A Bahraini court has sentenced five men to 15 years in prison for two attacks by homemade bombs, including one during last year’s Formula One race, the Gulf state’s official BNA news agency says.
The sentencing on Monday came as Bahrain’s public security chief said officials had foiled an attempt to smuggle explosives and arms, some made in Iran and Syria, into the country by boat.
BNA said the men had admitted being behind the bombings, but a monitor said they had pleaded not guilty to involvement in the attacks, which destroyed several vehicles but caused no injuries.
Two of the defendants were tried in absentia.
The defendants were also convicted of other counts relating to explosives, the agency said.
Mohammed al-Maskati, head of the Bahrain Youth Society for Human Rights, told Reuters news agency the men said to the court that their confessions during questioning were obtained under torture.
The authorities were not immediately available for comment on that allegation but have said that torture is not government policy.
The 2012 and 2013 Formula One Grand Prix have been marred by clashes between security forces and protesters.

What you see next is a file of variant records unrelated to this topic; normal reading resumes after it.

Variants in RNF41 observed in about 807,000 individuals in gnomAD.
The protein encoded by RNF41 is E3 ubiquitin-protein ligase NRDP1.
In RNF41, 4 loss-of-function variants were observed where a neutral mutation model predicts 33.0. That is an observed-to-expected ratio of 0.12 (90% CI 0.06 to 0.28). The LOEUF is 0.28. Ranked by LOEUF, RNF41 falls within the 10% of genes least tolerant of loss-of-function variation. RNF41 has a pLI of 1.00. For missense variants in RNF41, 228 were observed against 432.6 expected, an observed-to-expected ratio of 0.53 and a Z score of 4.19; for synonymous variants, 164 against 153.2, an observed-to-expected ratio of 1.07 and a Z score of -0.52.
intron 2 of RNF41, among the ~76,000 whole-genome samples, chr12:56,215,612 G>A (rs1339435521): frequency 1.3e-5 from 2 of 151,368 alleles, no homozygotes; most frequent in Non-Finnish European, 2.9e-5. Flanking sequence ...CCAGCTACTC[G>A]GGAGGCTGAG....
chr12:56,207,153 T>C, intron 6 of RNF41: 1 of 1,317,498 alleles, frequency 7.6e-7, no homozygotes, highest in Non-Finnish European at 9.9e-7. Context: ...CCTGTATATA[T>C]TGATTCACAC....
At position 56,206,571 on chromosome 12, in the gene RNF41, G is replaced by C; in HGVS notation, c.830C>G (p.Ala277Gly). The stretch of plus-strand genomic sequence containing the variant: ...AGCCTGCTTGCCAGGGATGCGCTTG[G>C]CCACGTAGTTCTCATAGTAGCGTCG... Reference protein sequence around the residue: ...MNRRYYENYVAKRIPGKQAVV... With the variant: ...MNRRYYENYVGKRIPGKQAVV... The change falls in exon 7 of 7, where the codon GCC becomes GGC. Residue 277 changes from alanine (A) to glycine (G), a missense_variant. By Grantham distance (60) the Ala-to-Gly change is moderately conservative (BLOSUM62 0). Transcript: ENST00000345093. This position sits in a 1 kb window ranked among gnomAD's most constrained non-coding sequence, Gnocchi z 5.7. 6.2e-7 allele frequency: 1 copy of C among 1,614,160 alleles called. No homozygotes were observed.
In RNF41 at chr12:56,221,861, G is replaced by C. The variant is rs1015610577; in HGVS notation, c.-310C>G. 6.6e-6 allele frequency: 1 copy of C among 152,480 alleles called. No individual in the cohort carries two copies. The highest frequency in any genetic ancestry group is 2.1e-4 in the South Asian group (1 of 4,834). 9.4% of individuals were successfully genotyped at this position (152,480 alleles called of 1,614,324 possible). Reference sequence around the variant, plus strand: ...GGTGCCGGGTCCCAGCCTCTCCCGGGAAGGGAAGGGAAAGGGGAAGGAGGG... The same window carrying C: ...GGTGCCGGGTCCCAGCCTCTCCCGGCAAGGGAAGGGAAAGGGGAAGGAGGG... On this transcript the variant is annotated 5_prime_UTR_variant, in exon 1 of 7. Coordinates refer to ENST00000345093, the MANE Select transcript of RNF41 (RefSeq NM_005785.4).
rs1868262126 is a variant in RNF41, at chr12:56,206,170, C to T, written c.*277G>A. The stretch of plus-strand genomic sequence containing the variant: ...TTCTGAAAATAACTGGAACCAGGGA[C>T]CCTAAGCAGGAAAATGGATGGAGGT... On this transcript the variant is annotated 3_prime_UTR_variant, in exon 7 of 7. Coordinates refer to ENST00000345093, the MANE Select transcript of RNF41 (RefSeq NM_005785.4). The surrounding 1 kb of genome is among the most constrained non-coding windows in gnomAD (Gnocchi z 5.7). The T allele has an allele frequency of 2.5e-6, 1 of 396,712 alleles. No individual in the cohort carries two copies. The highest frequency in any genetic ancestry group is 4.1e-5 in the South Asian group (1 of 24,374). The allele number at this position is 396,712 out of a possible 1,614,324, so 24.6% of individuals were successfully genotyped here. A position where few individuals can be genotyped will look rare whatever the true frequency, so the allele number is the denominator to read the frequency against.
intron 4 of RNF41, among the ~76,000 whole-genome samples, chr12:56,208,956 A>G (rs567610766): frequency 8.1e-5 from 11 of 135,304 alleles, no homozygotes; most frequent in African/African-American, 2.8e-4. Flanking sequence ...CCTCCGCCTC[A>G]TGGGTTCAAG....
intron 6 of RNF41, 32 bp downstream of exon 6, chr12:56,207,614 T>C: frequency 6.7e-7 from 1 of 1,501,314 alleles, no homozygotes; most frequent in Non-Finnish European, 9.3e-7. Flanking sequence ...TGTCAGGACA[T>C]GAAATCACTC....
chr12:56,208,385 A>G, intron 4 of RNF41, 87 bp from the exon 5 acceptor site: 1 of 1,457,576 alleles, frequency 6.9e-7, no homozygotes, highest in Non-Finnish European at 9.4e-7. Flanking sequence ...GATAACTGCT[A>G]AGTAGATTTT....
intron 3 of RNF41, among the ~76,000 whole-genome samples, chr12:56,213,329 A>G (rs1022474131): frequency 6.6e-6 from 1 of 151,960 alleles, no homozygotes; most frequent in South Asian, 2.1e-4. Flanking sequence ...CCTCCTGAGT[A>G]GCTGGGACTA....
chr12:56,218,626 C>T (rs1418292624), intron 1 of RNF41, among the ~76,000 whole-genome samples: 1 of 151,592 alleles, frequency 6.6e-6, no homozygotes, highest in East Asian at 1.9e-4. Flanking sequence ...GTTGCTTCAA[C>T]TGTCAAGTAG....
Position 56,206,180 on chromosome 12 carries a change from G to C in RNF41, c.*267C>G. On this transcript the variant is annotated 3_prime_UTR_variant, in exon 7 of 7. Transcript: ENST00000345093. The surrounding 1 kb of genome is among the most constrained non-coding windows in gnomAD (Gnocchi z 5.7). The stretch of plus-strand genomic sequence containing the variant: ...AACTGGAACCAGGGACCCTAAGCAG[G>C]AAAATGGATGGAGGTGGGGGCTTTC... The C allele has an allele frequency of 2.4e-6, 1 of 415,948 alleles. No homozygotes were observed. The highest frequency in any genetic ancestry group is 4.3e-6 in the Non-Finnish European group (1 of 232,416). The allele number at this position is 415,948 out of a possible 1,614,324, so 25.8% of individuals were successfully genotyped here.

Bahrain, home to the US Fifth Fleet, has been rattled by bouts of unrest since February 2011, when protests led by members of its Shia majority demanded that the Sunni ruling family give up ultimate power to an elected parliament.
Bahraini officials said on Monday that they had seized stocks of weapons and defused a car bomb during security raids on Saturday and Sunday.
Major-General Tareq al-Hassan, the public security chief, said authorities had captured 13 people wanted in connection with security cases aboard a boat police allege was smuggling them out of the island kingdom.
“According to the investigations, which revealed plans to carry out terrorist acts, security deployment has been intensified,” Hassan said in comments published by BNA.
Plastic explosives, detonators, automatic rifles and ammunition were found in a warehouse and onboard a second boat intercepted as it was heading to the country.
Hassan said authorities defused the car bomb in the Hoora area of the capital Manama.
“Fifty hand grenades made in Iran,” as well as “295 fuses connected to switches labelled as made in Syria,” were found in the nine-metre vessel, he said.
Dozens of C4 and TNT explosive devices were also found on the boat, he said, without providing details about the source of the alleged shipment.
Bombs have become more frequent in Bahrain as the anti-government opposition campaign wears on.